Many counties struggle to submit their data in a timely manner for inclusion in the weekly surveillance bulletin. Most often, health facility staffs physically deliver paper forms, traveling from their post to the CHD. Delivering this report requires them to be away from their post for half a day or more. Since many health posts have only one staff, this means patients are left waiting or return home without being seen. Distances between the health facilities and the CHD are often long and the road conditions poor or impassable at times. Furthermore, health facility staff must use their own money to pay for transport.

In addition to neglecting patients, the lack of timely reporting also means the SMOH and national MOH are hindered in their efforts to identify and swiftly respond to disease outbreaks, resulting in higher morbidity and mortality.

With increasing mobile phone coverage throughout the country, the use of mobile phones for data collection has great potential to increase program efficiency and reach (4). The use of mobile phones for rapid data collection and reporting is increasing around the world (5). Using mobile phones for data reporting also saves time that the health worker would have spent travelling, and allows the health more time to focus on of health service provision (6).

Based on other international success stories, an electronic solution to data reporting was envisioned as a solution to increase timeliness and accuracy of IDSR, as well as improve patient care by decreasing the amount of time health workers must be away from their posts. Though internet access is still challenging in many areas of the South Sudan, mobile coverage is widely available (though not universal). Thus, a short message service (SMS) platform was determined to be the best way forward.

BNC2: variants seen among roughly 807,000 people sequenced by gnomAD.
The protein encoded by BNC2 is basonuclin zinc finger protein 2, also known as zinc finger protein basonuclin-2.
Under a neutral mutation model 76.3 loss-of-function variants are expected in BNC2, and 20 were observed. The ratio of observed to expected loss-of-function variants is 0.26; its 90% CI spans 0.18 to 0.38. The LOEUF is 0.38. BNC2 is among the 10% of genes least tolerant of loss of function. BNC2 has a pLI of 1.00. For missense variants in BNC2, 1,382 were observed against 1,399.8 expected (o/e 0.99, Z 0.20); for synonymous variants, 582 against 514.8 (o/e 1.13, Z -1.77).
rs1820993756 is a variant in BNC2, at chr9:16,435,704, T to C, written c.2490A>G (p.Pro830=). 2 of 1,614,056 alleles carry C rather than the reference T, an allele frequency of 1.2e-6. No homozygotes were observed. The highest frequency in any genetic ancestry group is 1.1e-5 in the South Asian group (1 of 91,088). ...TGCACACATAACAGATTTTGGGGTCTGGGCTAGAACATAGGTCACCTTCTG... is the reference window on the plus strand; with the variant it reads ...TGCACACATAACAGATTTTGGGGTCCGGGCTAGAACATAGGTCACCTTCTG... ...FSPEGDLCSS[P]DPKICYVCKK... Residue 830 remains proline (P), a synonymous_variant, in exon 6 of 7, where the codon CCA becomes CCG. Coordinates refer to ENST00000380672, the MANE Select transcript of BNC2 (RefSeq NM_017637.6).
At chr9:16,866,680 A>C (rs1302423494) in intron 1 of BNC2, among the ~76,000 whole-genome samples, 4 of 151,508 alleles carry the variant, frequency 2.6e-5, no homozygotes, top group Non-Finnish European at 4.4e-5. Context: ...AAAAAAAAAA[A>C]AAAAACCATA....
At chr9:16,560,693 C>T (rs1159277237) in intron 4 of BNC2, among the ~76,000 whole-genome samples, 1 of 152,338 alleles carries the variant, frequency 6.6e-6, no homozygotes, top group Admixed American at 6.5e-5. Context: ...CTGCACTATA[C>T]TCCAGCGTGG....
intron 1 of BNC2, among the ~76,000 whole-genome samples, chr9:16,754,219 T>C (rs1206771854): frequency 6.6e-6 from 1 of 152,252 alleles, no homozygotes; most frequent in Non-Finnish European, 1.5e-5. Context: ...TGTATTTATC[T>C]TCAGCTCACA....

The American Refugee Committee (ARC) has been operating in what is now South Sudan since 1994. It implements programs in Central and Eastern Equatoria, Northern Bahr El Ghazal, and Warrap States in health systems strengthening; gender-based violence prevention; and water, sanitation, and hygiene (WASH). ARC developed and rolled out the mobile health (mHealth) IDSR initiative in Kapoeta South, Kapoeta East, and Magwi counties in Eastern Equatoria State, where it receives funding from the Health Pooled Fund for health systems strengthening.


Participatory planning and implementation

ARC consulted with members of the national MOH mHealth Technical Working Group for tools and guidance to develop this initiative. ARC then presented its plans at an official meeting of the working group for feedback before piloting the initiative. Finally, ARC presented the results of the pilot to the group and continues to participate in the group to share experiences and plan scale-up efforts.

To ensure ownership, ARC involved the CHDs from each of the three counties from the beginning planning stages through all aspects of implementation and ongoing management. This was built on the solid relationship already established between ARC and the CHDs over the past 4 years of jointly implementing health systems strengthening projects.

Data journey mapping with stakeholders

Using UNICEF tools from the co-chair of the mHealth Technical Working Group, ARC first conducted data journey mapping exercises in Kapoeta South and Kapoeta East to understand the full range of actors at every level of data collection, aggregation, and report submission, including communities, health facilities, CHD, SMOH, and national MOH (7). Constraints in timely IDSR submission were also identified and fully explored.

Mobile platform development

A consultant with requisite experience in medicine, information technology, and South Sudan’s public health care system was hired to develop the SMS technology platform and train end users. Three possibilities for the mobile platform were compared considering the parameters in Table 1.

Table 1
Table 1 Comparison of system platform possibilities
Full table

Other open source software (Android) was selected due to low set-up and maintenance costs, and because it could work without any need for internet. At the health facility level, existing technology was used (health facility staff’s personal mobile phones), as opposed to procuring new phones, so as to minimize costs and prevent misuse. At the CHD level, an Android phone was procured to act as the number/server to which the SMS data is submitted.

Figure 1 presents a schematic of the data flow through the SMS IDSR system. Health facility staffs use their personal phones to send a series of SMS messages in predefined format. The text messages are sent to the Android phone at the CHD office. A time stamp is generated on the phone each time a facility submits a report.

Figure 1 Data flow through SMS IDSR system. SMS, short message service; IDSR, integrated disease surveillance and response.